Two documentaries, “Bettina” and “Sorry Comrade”, tell stories about the post-war divide between East and West Germany.
By Philipp Bühler
A lot of the feature films screened at this year’s Berlinale tend to be intimate chamber dramas again due to the pandemic, but Covid hasn’t significantly changed the way documentaries are being made. Actually, Covid may have given filmmakers a bit more time to dig deep into the archives. The Swedish film Nelly & Nadine (by Magnus Gertten, Panorama section) is a case in point. It involved an enormous amount of research, but the colossal efforts were worth it: the result is a gripping portrait of a decades-long lesbian love affair that began under the worst possible circumstances – namely in the Ravensbrück concentration camp for women.
At 73 years of age, Bettina Wegner is still as brazen and non-conformist as ever. In Bettina
, the Berlin singer-songwriter, working with director Lutz Pehnert, looks back on a life of resistance. Although a staunch “Stalin fan” as a child, she soon became persona non grata in East Germany: “Ms Wegner, we can't get along with you, and you can't get along with us.” But she didn't want to go: East Germany was her home. She eventually had no choice, however, and emigrated in 1983. In the meantime, she had a stormy affair with the poet Thomas Brasch, was jailed for pamphleting against the suppression of the 1968 Prague Spring reform movement, and released successful records in the West. She was for a long time reluctant to keep performing her most famous song “Kinder” (aka “Sind so kleine Hände”), but she does give another rendition in the film. Thanks largely to Joan Baez’s cover version (also sung in German), this gentle anthem of anti-authoritarian upbringing became a standard of the Folk Revival, of which Wegner may be considered a latter-day exponent. She was active in “hootenanny” singing clubs modelled on the American open-mic folk music tradition, but quit when they morphed into “FDJ clubs” – i.e. vehicles for East Germany’s official “Free German Youth” organization.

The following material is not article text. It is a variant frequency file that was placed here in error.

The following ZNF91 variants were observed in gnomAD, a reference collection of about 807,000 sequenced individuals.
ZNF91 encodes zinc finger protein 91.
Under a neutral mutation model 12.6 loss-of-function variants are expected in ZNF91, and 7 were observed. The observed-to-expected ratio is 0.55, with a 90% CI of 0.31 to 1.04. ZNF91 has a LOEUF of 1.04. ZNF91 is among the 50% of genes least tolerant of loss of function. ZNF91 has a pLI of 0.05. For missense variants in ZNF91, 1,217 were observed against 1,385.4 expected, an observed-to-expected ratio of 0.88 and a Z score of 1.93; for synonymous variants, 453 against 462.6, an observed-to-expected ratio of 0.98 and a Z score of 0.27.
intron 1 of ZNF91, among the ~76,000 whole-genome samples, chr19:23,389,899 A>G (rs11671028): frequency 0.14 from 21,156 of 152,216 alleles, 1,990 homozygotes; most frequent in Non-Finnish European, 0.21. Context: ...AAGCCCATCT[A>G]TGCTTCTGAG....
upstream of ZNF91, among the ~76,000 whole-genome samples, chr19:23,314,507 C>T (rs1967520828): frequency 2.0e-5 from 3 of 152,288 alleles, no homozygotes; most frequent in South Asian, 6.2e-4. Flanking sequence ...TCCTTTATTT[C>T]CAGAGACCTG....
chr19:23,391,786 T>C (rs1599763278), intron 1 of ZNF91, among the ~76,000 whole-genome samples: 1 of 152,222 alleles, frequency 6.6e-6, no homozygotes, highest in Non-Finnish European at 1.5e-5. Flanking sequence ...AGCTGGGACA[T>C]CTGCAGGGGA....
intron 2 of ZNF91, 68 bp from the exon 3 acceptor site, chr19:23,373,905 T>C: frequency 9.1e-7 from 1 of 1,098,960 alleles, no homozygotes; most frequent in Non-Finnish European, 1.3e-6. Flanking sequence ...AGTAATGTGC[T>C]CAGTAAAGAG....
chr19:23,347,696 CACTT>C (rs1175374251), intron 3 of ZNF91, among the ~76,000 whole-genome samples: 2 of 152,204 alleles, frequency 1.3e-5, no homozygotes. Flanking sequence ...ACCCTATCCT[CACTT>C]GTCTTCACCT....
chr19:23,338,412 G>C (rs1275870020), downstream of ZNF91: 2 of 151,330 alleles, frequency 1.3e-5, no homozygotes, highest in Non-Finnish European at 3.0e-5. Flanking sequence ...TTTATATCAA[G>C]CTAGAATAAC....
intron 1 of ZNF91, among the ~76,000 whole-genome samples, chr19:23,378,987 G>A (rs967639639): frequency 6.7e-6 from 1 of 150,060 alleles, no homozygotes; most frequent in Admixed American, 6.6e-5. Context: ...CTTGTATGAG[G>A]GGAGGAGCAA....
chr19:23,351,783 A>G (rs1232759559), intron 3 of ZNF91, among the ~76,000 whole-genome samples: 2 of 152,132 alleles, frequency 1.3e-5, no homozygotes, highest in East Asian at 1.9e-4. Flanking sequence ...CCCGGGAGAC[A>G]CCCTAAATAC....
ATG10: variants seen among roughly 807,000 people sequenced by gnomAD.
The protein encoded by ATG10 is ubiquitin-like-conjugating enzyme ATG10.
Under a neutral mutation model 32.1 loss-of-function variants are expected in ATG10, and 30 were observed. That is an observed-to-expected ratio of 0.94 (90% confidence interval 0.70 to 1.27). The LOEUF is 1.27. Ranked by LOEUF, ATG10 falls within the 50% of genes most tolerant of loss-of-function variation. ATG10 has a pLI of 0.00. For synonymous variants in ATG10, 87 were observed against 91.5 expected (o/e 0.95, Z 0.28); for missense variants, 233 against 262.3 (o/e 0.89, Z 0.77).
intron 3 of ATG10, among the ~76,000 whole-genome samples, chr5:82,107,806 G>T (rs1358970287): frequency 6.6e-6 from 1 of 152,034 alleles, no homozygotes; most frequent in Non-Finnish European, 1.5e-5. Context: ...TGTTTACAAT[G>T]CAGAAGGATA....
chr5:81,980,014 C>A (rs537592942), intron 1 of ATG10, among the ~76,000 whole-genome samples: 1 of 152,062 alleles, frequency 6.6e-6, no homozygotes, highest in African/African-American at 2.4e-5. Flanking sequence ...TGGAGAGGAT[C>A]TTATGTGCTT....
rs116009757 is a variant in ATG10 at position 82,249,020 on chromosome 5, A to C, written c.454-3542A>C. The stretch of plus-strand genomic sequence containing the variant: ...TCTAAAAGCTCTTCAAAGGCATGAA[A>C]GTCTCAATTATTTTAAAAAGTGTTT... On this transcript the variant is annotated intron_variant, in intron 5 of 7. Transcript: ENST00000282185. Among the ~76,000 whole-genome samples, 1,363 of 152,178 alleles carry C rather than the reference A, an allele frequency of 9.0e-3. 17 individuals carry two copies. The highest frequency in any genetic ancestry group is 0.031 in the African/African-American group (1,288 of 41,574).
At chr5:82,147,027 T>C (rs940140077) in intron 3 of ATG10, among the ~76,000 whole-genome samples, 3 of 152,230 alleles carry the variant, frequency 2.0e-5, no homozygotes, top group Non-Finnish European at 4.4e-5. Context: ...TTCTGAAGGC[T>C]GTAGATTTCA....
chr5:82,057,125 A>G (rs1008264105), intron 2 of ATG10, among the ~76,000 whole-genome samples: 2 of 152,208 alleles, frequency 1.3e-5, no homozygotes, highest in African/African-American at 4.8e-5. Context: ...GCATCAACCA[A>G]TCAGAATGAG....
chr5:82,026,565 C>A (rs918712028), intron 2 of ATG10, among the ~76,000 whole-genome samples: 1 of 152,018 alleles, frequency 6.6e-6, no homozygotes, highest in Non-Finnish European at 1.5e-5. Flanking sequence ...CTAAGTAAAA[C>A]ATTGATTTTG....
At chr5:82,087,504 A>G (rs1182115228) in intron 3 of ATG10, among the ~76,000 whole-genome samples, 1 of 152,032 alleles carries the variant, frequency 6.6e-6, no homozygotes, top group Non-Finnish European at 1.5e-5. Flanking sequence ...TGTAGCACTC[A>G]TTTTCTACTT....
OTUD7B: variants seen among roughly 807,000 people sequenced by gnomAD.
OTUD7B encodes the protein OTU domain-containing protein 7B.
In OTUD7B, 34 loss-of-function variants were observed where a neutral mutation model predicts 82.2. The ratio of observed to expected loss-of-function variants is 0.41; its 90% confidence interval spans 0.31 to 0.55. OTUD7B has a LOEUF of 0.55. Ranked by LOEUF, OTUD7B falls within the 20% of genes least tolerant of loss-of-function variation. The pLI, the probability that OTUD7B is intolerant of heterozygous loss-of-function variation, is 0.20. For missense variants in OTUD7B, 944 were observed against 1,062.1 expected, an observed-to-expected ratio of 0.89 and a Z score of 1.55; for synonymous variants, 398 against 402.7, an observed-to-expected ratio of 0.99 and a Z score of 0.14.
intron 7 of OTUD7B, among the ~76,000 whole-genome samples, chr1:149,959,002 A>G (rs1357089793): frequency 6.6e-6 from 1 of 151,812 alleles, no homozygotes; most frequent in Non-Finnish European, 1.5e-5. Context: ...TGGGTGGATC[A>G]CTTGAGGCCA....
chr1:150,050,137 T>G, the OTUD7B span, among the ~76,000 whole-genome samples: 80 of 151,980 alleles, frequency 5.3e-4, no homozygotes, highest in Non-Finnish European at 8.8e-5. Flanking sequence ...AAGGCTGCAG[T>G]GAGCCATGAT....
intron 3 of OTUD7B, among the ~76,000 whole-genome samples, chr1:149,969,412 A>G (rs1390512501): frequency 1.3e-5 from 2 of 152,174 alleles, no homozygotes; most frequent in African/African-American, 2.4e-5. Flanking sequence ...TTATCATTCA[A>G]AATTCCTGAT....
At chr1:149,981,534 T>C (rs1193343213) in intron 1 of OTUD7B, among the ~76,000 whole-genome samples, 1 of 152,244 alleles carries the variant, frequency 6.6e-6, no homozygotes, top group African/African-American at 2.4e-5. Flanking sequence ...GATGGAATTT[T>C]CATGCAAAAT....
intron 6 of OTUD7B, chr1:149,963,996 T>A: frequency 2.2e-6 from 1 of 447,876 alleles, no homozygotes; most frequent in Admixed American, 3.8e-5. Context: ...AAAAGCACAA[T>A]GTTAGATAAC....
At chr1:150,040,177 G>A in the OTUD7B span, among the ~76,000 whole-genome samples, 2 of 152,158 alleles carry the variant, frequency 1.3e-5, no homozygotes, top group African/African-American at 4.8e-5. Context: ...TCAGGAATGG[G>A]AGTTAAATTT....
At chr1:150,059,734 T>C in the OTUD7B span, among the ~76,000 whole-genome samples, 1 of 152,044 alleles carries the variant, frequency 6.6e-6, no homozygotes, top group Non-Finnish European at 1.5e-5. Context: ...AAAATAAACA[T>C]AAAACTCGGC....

, screened in the Perspektive Deutsches Kino section), Munich filmmaker Vera Brückner’s feature-length documentary debut, tells another story about the inner-German divide. In the 1970s, Hedi and Karl-Heinz are bound by a great love, but separated by the Iron Curtain. So Karl-Heinz, a West German left-wing activist, makes up his mind to emigrate to the East. But the German Democratic Republic would rather he went back to spy for them – in the West. The Covid pandemic did its level best to sabotage the film’s production, and yet this may be one reason why it suits its subject-matter so well: the couple’s perfectly planned escape from East Germany via Romania turns into an improvised madcap adventure, which, despite some hair-raising mishaps, just barely comes out all right in the end.